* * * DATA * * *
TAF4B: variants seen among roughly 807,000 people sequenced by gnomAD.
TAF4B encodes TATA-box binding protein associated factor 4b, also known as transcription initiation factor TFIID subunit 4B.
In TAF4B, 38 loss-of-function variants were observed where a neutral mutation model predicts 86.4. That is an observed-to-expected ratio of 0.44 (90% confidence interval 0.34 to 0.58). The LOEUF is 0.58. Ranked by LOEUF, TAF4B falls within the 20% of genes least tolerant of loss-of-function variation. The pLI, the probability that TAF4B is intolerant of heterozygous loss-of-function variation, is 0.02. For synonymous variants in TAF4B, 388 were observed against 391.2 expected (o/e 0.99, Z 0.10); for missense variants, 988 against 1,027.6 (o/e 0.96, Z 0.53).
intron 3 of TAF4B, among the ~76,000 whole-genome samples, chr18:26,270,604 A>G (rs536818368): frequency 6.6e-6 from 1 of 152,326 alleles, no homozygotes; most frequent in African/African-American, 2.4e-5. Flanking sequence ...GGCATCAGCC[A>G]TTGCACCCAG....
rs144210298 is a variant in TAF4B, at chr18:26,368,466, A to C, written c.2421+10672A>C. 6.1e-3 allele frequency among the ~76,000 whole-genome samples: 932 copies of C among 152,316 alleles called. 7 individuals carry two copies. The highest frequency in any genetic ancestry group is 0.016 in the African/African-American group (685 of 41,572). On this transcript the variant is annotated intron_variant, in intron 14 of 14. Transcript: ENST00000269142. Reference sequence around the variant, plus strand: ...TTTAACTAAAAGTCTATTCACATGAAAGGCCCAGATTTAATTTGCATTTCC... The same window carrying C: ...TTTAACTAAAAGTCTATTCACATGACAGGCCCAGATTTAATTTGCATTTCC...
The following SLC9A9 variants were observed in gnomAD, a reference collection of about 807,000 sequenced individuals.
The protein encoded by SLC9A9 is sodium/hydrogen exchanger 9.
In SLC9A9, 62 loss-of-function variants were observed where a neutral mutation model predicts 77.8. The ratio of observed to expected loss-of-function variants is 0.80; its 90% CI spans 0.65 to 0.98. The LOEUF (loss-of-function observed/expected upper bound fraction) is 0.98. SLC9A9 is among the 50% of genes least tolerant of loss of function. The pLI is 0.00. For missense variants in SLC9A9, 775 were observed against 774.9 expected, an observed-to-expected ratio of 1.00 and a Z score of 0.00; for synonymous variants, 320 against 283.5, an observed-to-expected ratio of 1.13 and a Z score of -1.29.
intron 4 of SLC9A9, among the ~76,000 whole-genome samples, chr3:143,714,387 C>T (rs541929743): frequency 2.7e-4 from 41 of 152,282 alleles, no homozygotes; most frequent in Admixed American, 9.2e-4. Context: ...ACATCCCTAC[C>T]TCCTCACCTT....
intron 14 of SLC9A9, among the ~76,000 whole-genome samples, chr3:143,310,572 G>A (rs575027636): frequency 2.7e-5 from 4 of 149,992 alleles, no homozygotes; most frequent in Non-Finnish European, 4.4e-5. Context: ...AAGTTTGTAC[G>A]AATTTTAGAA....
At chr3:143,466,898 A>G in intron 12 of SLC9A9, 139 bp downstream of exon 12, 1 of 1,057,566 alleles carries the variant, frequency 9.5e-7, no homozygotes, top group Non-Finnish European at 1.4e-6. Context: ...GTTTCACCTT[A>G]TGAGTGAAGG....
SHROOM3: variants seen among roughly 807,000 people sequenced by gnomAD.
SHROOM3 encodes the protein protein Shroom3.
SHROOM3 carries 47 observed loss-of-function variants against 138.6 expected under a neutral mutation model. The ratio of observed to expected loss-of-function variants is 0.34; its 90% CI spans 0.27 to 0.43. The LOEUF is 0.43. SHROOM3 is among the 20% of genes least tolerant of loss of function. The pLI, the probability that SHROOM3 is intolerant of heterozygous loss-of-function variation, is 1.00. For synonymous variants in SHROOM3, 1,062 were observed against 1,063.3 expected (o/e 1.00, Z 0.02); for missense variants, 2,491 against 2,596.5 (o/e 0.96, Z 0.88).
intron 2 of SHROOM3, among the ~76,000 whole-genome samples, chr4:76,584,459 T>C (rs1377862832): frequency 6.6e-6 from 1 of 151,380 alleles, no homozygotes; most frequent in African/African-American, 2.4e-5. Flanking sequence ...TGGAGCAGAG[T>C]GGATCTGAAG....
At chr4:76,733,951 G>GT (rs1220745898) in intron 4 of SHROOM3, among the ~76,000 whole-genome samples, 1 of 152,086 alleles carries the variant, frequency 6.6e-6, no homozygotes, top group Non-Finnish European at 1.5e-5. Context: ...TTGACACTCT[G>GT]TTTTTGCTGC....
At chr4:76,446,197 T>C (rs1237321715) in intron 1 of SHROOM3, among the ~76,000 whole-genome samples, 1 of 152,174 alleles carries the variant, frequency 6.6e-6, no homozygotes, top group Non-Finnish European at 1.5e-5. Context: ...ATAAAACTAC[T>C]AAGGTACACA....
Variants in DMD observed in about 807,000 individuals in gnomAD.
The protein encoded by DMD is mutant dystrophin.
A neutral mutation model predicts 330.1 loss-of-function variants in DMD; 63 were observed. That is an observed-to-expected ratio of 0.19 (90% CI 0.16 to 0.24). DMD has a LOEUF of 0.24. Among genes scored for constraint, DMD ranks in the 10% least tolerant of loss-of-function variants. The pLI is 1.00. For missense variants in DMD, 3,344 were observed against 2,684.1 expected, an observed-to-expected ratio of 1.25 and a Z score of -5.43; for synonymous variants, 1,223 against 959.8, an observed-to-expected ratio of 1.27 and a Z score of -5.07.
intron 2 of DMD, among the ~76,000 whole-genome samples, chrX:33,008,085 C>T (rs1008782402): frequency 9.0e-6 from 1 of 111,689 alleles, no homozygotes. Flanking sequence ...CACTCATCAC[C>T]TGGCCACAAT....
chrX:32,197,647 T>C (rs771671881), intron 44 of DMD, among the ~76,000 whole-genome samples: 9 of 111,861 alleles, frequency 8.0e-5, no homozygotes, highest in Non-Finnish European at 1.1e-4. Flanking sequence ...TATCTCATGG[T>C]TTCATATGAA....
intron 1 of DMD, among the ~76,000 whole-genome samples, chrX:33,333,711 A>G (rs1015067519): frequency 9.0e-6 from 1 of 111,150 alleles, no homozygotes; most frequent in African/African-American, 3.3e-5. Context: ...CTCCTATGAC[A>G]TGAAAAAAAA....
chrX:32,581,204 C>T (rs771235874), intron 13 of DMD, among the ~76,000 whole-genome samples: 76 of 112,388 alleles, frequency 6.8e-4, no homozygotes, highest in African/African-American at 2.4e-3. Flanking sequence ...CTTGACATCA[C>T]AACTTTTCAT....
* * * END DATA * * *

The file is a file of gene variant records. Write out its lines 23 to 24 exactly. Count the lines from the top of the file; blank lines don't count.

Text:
intron 1 of DMD, among the ~76,000 whole-genome samples, chrX:33,333,711 A>G (rs1015067519): frequency 9.0e-6 from 1 of 111,150 alleles, no homozygotes; most frequent in African/African-American, 3.3e-5. Context: ...CTCCTATGAC[A>G]TGAAAAAAAA....
chrX:32,581,204 C>T (rs771235874), intron 13 of DMD, among the ~76,000 whole-genome samples: 76 of 112,388 alleles, frequency 6.8e-4, no homozygotes, highest in African/African-American at 2.4e-3. Flanking sequence ...CTTGACATCA[C>T]AACTTTTCAT....